Computer Technology may Provide New Insight for Diagnosing Stomach Disorders

June 22, 2009

The technology used to cool central processing units in computers may have found a new role—in the diagnosis of acid-related stomach disorders.

The technology used to cool central processing units in computers may have found a new role—in the diagnosis of acid-related stomach disorders.

The device that is developed from the miniature cooling technology would be inserted into a patient’s esophagus to gauge changes in the thermal sensitivity of tissue. This knowledge would help physicians “identify those patients with abnormal acid exposure in the gullet who have heightened sensitivity in specific nerves which respond to acid” and “measure a patient’s sensory response to thermal stimulation in their esophagus,” said researchers at Royal London Hospital, where the technology is being developed. This knowledge could then be used in directing therapy, as tissue temperature “can be a key feature of digestive disorders.”

The device would be inserted into a patient’s esophagus during an outpatient procedure, the researchers explained, where it would stay for between thirty and forty minutes “while doctors conduct the necessary tests.” The researchers also said that “prototypes will be developed to enable easy insertion into the patient’s oesophagus” and that the current prototype’s diameter is only 7mm.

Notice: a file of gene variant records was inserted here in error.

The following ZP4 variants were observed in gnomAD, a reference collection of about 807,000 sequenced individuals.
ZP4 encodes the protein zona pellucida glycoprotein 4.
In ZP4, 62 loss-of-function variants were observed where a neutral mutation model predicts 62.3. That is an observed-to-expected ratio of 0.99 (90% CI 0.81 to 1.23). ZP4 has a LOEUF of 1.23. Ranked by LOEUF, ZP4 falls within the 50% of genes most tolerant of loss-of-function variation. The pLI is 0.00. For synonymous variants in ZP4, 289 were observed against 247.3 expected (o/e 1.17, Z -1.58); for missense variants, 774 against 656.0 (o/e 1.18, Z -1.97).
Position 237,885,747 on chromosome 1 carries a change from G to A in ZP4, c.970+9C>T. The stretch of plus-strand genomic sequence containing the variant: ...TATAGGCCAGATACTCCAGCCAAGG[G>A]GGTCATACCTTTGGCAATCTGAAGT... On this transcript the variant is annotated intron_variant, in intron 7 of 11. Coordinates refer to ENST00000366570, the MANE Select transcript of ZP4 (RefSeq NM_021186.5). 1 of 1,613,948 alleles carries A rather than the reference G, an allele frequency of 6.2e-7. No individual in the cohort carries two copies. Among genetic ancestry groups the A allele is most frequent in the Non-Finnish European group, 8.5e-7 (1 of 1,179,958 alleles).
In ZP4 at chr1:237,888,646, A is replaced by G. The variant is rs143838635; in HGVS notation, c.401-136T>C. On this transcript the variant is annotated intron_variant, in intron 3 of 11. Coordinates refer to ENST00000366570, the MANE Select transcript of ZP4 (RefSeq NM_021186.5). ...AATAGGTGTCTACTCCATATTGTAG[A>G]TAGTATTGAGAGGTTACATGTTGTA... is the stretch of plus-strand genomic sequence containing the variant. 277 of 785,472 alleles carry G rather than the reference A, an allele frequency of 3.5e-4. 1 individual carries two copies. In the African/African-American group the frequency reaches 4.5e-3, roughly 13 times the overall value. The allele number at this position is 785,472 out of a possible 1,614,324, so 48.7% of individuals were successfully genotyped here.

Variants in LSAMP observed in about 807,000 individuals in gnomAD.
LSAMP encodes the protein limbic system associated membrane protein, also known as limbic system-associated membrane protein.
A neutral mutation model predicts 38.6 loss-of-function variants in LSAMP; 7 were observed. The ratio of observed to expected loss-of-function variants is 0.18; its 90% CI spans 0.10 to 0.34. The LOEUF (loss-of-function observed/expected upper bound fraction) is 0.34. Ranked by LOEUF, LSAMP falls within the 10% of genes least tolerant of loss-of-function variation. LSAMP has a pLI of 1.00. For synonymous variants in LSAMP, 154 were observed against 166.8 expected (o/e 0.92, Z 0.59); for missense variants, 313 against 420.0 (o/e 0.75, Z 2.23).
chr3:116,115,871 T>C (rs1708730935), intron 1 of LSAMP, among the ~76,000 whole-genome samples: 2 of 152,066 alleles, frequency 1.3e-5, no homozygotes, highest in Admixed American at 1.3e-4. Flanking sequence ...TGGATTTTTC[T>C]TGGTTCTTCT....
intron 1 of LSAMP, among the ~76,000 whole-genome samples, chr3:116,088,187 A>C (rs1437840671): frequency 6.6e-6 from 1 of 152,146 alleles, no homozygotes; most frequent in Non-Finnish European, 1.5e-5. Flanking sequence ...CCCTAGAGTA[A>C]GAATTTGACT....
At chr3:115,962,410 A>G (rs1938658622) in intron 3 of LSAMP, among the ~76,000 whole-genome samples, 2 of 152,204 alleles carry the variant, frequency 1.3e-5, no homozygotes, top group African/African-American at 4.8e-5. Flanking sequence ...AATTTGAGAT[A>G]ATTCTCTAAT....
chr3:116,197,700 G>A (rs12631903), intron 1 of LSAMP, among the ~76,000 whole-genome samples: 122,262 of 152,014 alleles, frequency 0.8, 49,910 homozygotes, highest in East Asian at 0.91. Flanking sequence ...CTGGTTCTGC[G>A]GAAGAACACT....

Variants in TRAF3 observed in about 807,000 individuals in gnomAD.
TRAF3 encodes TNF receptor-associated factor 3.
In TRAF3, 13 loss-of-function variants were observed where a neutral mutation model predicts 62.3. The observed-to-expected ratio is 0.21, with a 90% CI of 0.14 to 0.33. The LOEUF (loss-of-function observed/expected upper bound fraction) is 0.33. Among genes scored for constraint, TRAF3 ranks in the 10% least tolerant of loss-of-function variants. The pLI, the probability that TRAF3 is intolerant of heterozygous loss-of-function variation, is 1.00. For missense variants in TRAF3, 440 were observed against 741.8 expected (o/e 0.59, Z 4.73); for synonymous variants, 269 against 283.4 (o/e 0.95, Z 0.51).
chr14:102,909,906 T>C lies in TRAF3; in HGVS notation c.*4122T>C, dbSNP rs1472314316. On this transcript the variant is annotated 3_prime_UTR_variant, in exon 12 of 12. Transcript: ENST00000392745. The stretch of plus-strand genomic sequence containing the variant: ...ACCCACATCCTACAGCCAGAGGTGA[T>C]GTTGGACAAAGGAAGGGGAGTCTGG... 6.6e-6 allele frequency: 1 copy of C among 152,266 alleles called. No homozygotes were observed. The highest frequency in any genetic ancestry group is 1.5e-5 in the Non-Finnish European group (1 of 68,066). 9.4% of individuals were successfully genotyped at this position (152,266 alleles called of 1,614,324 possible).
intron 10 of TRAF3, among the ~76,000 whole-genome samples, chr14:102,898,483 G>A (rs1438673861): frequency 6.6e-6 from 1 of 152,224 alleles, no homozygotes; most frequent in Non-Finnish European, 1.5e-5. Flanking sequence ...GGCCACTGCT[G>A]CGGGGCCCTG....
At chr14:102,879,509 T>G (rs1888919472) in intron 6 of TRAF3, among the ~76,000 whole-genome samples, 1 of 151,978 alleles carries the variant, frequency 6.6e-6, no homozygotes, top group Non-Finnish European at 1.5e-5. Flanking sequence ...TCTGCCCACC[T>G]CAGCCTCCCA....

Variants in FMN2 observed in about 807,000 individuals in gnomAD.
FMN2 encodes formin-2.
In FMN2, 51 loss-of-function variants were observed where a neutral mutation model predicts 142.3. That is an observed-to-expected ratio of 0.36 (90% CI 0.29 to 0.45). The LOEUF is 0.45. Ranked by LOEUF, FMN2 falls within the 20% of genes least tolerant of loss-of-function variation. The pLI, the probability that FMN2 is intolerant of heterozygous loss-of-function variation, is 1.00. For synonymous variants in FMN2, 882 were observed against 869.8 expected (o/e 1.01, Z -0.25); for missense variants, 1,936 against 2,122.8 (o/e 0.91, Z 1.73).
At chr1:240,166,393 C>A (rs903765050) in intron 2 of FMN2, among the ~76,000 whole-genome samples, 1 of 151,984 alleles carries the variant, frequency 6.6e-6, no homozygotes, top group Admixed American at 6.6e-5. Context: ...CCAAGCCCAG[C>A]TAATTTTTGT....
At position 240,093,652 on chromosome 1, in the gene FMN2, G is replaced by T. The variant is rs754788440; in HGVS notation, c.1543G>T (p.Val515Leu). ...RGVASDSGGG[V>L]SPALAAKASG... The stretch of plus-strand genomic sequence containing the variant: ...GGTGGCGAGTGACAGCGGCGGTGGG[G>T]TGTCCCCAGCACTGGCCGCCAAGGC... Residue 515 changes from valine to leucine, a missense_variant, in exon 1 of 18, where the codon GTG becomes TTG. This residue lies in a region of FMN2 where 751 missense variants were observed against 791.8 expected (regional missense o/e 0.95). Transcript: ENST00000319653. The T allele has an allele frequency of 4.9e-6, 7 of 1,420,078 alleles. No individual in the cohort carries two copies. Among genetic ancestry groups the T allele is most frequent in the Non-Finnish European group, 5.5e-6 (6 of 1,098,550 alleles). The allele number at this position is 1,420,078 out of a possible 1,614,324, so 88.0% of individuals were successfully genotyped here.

The new technology is based on the “Peltier effect,” the researchers explained, which “involves transfer of heat from one side of a device to the other against a hot and cold scale of temperature of the esophagus.”

Doctors from the Clinical Physics Clinical Academic Unit (CPCAU) and the neurogastroenterology unit at Royal London Hospital are conducting the research through a two-year Healthcare Scientist Research Fellowship grant.

“Typically, Peltier technology is used to cool high performance components in computers, so people may be surprised to hear that we are using this technique to help diagnose disorders of the esophagus,” said Dr. Jonathan Reeeves of the CPCAU. “There is no comparable existing product that provides the fine control and rapid changes in temperature that this technology delivers. By the end of the two years, we hope to have a tested thermal device ready to be trialled within a large scale clinical study.”